There are possibly no two “classic” novels more different than Jane Eyre and The Sun Also Rises, and reading them one after the other gave me what I can only describe as literary whiplash. One is a Romantic, emotional and wordy “history of a woman’s heart” with good spiritual Victorian values, the other is a modernist, minimalist, hyper-masculine grit-fest about how everyone’s constantly drunk and sleeping with each other in a godless world.
Hailed by some as the greatest novel of the 20th century (whether or not I feel like it deserves that metaphysical medal, we shall get to in a moment), Ernest Hemingway’s first book drops the reader with no hand-holding, help or description beyond utter scene-setting basics in 1920s Paris. Our narrator is Jake Barnes, a World War One veteran who suffered an injury in combat that (though again, never actually described) seems to have damaged his genitalia. In the midst of a new, modern culture where everyone’s throwing off the values of the past generation and having affairs in all directions, it’s just one of the reasons he feels a little disillusioned and fed up with the state of things. Continue reading
In light of my recent ponderings about the great hubbub that is “classic literature”, I’ve decided to breathe life back into my withering reading tag and review some classic novels—what makes them “classics”? What made them stand the test of time and garner such acclaim? Are they deserving of it? What can they teach us about the past era they were written in? Can they be enjoyed as books or do they have to be academically dissected for all their merits to come to the surface? Will I ever truly get over my desire to punch their romantic heroes in the face?
Jane Eyre the person is, like Jane Eyre the book, wonderful, powerful and miserable. She begins as a bullied, neglected orphan in the care—to use the word loosely—of her relatives, Wicked Stepmother archetype and all. Her aunt would have turned baby Jane out on the doorstep, but her husband, damn him, used his dying breath to make her promise she’d take care of his niece.
Jane knows, with a ten-year-old’s wisdom and an impeccably strong sense of self-awareness that continues through the whole book, that she’s better than these people, who torment her and unfairly punish her. So, first chance she gets, she suggests going away to school. Her aunt, keen to be shot of her, thinks it’s a great idea, and so our little heroine goes off into the world. To deal with frostbite, famine, typhus and educational brutality.
Having fun yet? Continue reading
Before recently, I had never read any Jane Austen—you could even say, and be totally truthful about the business, that I had been deliberately avoiding her work. And it occurred to me that the reason I had been doing this was out of, ironically enough, pride (to think I should be seen with such a book in my hands! Oh, the potential embarrassment!) and prejudice (Austen’s books are all just florid frilly stories about snobs in crinolines and cravats dancing around each other trying to get married, right?). To my enormous surprise, I finished Pride and Prejudice and bloody loved it. Why didn’t anyone tell me it was this good? Well, the short answer is they did, but the culture surrounding classic literature—on both sides—is such that I wanted to avoid the conversation altogether.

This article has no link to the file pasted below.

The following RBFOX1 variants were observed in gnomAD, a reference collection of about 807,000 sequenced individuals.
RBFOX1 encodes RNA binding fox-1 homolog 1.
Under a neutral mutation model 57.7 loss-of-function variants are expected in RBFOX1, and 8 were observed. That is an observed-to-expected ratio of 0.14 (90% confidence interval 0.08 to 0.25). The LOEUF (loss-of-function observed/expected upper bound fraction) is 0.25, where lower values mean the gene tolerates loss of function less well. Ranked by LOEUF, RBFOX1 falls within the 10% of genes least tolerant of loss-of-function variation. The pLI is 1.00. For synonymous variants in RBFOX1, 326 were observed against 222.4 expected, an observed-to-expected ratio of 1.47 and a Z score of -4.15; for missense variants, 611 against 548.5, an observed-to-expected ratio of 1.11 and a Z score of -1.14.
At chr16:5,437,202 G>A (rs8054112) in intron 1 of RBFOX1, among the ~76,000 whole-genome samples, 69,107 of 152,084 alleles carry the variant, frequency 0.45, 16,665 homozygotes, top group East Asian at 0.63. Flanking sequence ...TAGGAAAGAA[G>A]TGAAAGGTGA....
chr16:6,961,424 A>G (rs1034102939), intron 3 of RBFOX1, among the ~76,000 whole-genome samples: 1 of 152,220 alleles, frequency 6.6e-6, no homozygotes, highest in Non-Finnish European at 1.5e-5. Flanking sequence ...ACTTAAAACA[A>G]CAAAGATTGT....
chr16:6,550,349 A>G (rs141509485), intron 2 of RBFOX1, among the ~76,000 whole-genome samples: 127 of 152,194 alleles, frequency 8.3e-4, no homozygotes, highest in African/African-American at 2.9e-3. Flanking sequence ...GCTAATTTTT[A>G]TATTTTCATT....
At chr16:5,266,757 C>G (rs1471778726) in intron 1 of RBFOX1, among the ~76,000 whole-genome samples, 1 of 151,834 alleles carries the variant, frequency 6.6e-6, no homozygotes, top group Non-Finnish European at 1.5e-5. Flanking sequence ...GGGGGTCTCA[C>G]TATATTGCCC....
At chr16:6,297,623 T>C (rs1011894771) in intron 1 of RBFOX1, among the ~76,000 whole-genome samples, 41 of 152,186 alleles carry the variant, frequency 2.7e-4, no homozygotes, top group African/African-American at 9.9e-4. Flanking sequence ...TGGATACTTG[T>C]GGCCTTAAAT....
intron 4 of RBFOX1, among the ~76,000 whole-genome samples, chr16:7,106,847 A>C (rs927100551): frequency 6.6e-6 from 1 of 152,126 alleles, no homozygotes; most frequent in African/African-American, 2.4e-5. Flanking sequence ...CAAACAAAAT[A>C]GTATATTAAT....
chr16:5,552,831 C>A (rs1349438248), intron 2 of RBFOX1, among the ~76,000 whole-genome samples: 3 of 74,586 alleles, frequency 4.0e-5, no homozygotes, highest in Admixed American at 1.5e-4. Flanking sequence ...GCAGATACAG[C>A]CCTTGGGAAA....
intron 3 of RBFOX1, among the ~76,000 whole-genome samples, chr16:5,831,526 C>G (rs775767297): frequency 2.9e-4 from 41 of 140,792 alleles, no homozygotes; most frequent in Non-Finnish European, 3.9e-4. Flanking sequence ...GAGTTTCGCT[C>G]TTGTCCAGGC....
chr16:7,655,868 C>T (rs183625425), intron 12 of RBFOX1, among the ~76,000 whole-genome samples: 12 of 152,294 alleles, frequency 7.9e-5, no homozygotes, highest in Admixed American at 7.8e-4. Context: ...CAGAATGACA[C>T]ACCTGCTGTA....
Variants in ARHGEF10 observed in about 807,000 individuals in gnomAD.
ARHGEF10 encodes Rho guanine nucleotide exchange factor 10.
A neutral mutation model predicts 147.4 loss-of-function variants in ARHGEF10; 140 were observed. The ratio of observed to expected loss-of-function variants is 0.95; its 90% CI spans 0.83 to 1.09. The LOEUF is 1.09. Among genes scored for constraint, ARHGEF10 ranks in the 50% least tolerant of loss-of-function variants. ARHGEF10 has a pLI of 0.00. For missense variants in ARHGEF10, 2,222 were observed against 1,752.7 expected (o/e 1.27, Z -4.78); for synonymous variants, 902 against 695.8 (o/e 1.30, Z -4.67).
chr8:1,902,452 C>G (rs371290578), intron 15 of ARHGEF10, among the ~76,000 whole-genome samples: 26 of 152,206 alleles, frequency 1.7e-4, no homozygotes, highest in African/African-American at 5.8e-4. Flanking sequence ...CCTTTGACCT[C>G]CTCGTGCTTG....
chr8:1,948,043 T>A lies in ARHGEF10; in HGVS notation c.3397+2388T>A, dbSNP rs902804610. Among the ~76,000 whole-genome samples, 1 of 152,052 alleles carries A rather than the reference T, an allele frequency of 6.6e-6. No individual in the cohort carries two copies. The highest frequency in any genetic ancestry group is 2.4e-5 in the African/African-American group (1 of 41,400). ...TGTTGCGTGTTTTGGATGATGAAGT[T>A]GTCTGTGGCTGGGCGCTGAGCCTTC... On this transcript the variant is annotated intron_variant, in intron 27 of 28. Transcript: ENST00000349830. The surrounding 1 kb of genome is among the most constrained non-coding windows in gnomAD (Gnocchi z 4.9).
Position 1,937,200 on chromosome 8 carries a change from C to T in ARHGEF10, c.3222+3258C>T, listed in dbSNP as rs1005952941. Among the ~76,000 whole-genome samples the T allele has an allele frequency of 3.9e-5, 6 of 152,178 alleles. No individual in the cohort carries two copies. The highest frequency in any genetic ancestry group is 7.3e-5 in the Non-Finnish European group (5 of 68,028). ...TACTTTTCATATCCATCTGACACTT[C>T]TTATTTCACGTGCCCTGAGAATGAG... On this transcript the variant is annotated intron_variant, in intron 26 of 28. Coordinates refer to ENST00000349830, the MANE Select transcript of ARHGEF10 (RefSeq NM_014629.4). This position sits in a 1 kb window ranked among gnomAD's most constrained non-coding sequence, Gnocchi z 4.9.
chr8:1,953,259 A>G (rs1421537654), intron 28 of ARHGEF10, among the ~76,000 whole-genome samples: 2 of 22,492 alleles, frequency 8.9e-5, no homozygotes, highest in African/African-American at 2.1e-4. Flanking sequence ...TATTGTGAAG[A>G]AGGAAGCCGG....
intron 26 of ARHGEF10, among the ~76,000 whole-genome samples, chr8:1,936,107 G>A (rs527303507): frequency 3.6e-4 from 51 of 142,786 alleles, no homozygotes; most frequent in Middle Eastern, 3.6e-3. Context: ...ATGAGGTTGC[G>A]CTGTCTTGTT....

Austen and her ilk (romances and heroine-driven novels from the 19th century, let’s say) are often a love-or-hate-it affair. People are reluctant to pick up classics, perhaps because they’re considered passé or dull compared to modern fiction, perhaps because the language is different and difficult to get your head around sometimes and the writing style and story structure is no longer in vogue or what our 21st century brains and hearts are used to processing. This is fair enough. It is not, however, a worthy reason for classic literature being snubbed entirely because it’s classic. Old things can be good things, and our 21st century brains and hearts should get a taste of the words of the past now and then to broaden our horizons.
That being said, classics should also not be put upon pedestals just because they’re classics. Yes, we know that they are considered ‘classic’ because they shine with a certain light and did something revolutionary or important in their day that contributed to the way literature has evolved. However, to continue to evolve we also need to embrace new writing and not cling to things written 200 years ago as a model of perfection that no heathen work of modern fiction can possibly live up to. It’s this attitude that makes so many people have the opinion in the previous paragraph, mostly, unfortunately, bred by the books being shoved at them in high school with demand for appreciation. The only thing that kills the love of a book faster than analysing it to death is being expected, by some bizarre pretence that someone else decided, to enjoy it, simply because it is old. Half the time, I’d be tempted to go out of my way to not enjoy it, simply out of spite. Continue reading